THE BLOG

Let's Talk About Tax

24/02/2014 17:41 GMT | Updated 26/04/2014 10:59 BST

Last week, former Radio 1 Disc Jockey, Chris Moyles, became the latest well-known figure to be caught out trying to avoid paying tax. During the time of his attempted cheating of the system, he was in a handsomely remunerated, publicly-funded position.

The attitude he displayed was one of, 'What can I get away with?' It is indicative of a problem that seems to affect so many when it comes to paying tax. The majority of persons, entities or corporations who follow this position are of course those wealthy enough to hire the accountants and lawyers who will back up their assertions that this practice is legal (sort of and in so much as you probably won't get caught) and therefore okay. Morality is never a consideration.

Let us not blame only the super-rich for tax avoidance, plenty of averagely wealthy people are getting away with a lower tax bill too. Government should be cracking down heavily on loss-making schemes like the one attempted by Moyles. The amount of prosecution and punishment is still too low.

Non-domiciling is another common method of avoiding tax. This involves an individual (the Non-dom) being registered abroad for income and inheritance tax purposes in order to take advantage of a lower rate. This practice is commonplace, poorly regulated and laden with loopholes. They may cite legality, but in many cases it is certainly immoral and based on thin and questionable legal justification. Don't believe me? Type 'non-domiciled status' into any search engine and you will find a number of accountancy firms offering to administer the best deal for you.

A total investigation of all those indulging in these kinds of practice should be undertaken. Fines for non-compliance should be retroactive and punitive. Claimed ignorance or responsibility-shifting to accountants or lawyers not an option. Your money, your responsibility. Interest should be charged on any underpayment where it can be proven that each claimant was not meticulously adhering to the rules. Progress has been made in this area, but still not enough. Maybe ATOS could do a side-line in a different kind of assessment?

Of course, some wealthy citizens are decent, moral and responsible. Too easily detractors will claim that articles like this are 'an attack on the rich'. Let's be clear, this is not an attack on the rich, it is an attack on the unscrupulous.

Tax avoidance is a practice that has a profoundly negative effect on the UK economy. Estimates on how much these practices cost the public purse every year vary with one putting it as high as £69.9billion. HM Revenue and Customs differ, estimating it was £35billion for the tax year 2011-2012.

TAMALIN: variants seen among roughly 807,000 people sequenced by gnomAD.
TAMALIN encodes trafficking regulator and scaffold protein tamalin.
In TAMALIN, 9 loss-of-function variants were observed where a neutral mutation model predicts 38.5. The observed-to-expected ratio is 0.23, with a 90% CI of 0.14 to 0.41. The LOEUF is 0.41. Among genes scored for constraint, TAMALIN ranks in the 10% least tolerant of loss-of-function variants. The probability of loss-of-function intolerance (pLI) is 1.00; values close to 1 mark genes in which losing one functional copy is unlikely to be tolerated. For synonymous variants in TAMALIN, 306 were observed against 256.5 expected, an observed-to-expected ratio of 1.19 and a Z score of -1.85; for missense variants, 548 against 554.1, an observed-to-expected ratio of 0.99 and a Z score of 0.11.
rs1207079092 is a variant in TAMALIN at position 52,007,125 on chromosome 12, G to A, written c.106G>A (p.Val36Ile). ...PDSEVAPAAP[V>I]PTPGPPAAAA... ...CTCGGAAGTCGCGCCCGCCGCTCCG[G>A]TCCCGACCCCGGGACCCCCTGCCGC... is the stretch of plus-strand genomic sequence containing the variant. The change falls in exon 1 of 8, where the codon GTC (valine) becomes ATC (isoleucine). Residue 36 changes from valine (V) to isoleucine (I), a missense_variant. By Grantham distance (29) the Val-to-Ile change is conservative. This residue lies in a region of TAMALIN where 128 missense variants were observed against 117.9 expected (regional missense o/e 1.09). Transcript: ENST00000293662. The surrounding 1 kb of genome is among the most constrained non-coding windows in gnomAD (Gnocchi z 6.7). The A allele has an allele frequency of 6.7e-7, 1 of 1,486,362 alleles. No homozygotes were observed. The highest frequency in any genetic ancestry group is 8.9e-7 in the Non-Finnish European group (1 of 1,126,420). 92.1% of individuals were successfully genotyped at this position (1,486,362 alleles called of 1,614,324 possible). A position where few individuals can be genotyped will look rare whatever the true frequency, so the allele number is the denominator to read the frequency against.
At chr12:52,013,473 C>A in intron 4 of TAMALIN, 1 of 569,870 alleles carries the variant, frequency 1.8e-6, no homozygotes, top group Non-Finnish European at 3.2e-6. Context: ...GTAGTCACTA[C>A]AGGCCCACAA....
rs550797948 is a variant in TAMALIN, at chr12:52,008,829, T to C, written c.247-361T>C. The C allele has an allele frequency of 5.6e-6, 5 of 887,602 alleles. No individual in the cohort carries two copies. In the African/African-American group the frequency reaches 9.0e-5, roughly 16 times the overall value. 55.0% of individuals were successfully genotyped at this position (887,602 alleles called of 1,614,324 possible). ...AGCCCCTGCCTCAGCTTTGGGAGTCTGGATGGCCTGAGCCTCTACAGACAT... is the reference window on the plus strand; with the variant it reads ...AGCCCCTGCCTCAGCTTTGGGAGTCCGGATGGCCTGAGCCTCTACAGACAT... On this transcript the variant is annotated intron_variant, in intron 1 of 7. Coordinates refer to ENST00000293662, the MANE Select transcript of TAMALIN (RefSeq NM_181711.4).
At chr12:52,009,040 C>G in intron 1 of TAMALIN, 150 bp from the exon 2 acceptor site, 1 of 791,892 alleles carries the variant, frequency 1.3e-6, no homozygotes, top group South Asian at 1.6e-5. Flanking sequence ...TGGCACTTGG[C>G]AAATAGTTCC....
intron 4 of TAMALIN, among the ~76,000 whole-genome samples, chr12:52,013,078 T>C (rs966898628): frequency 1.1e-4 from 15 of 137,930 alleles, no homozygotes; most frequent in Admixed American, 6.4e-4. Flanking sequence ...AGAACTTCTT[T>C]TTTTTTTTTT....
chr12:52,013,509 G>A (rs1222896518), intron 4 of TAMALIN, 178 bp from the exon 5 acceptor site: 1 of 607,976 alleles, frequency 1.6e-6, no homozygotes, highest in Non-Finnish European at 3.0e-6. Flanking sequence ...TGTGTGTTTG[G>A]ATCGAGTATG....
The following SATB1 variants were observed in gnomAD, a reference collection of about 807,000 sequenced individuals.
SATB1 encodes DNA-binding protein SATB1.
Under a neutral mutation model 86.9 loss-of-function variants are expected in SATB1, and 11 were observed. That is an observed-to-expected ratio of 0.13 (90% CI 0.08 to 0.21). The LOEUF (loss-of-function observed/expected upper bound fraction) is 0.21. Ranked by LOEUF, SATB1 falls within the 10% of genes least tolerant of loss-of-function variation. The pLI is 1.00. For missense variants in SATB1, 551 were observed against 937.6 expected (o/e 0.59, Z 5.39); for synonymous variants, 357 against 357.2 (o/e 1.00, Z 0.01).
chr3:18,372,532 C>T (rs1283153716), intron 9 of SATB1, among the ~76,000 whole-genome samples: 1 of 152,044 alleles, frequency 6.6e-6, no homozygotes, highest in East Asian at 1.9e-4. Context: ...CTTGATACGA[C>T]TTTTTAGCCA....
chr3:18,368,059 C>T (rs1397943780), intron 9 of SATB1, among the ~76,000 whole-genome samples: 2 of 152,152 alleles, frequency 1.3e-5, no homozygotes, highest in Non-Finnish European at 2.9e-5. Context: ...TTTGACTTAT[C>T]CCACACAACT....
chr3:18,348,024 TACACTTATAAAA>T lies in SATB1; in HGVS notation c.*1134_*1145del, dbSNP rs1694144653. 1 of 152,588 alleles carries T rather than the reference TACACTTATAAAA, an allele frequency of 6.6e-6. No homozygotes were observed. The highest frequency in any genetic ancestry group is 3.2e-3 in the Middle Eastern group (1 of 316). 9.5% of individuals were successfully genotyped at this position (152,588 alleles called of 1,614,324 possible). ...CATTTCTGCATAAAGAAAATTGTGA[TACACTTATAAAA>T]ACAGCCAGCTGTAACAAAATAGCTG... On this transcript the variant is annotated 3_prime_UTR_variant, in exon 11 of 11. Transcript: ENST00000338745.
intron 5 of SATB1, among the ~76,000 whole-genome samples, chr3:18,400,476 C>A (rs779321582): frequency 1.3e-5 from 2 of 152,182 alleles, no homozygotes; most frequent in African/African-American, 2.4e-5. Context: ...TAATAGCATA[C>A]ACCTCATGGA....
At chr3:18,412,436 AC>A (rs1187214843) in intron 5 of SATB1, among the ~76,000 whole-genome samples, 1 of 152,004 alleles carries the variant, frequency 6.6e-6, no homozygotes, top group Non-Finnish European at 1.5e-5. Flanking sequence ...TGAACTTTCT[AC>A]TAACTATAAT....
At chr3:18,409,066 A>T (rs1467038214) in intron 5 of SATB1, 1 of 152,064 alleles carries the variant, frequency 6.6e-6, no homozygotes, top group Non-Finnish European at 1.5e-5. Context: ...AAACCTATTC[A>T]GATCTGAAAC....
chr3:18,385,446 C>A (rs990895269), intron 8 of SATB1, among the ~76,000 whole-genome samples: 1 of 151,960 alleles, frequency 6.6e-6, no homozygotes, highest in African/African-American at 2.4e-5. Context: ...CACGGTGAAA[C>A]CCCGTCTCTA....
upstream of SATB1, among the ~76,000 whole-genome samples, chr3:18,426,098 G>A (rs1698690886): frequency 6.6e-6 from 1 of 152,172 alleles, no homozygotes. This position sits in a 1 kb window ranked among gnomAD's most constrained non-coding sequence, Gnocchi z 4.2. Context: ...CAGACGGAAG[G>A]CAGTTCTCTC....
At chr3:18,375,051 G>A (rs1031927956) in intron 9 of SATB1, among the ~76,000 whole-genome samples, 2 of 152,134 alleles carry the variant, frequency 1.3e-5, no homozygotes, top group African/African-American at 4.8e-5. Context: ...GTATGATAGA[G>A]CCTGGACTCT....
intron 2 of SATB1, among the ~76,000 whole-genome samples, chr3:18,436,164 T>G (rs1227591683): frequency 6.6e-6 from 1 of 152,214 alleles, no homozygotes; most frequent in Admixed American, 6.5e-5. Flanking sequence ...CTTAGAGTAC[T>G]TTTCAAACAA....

So what should government do? If we tax these 'wealth creators' won't they just move abroad and take all their valuable wealth with them? Some of them might, and good riddance if they do, but maybe then closer monitoring of their remaining shares and companies in this country could come into force. If more forensic accounting was threatened against these characters then they would have to face up to the same responsibilities the rest of us do, or face prosecution and fines. If they hide behind international borders then measures need to be available to freeze or seize any UK assets.

But look, this company created some jobs. So what? Does job creation mean a company or individual is above the standard applied to the rest of society? Should every act of employment make you a saint who need not be held to account. If such a ludicrous and outside-the-law principle is applied then where do we draw the line? Should taxation all be about the best deal that can be done with HMRC? When I was little my dad paid me to clean his car, does that mean he should have paid less income tax?

A beefed up investigative approach to these figures who rob the public purse with an outrageous sense of entitlement would reap returns that far exceed the cost of investigation. They did it in El Salvador, with incredible results.

The media should also contribute. Seldom can you pick up a newspaper or turn on the television without hearing about benefit cheats. This is undoubtedly dishonest, but in comparison they cost the economy very little. Let's see more shows focusing on high-budget tax dodgers and their accountants. Why don't more newspapers investigate some of the high-profile business people and wealthy individuals with questionable tax arrangements? Why is there not more on TV? 'Tax-Dodge Street' maybe? The number of public exposures compared to the amount of money lost each year is not at all proportional. Greater coverage of corporation tax avoidance could be combined with boycotts of companies and their subsidiaries. Tax avoidance should be framed for what it is, a crisis that is costing (most of us) an obscene amount of money.

This is an issue that doesn't stand on the left or the right of politics. Any decent and moral citizen would agree. Politicians, do what is right, ramp up your efforts both domestically and internationally. The money that these unprincipled figures might donate to your parties will be irrelevant in comparison to the public approval you will gain. There really is nothing to lose.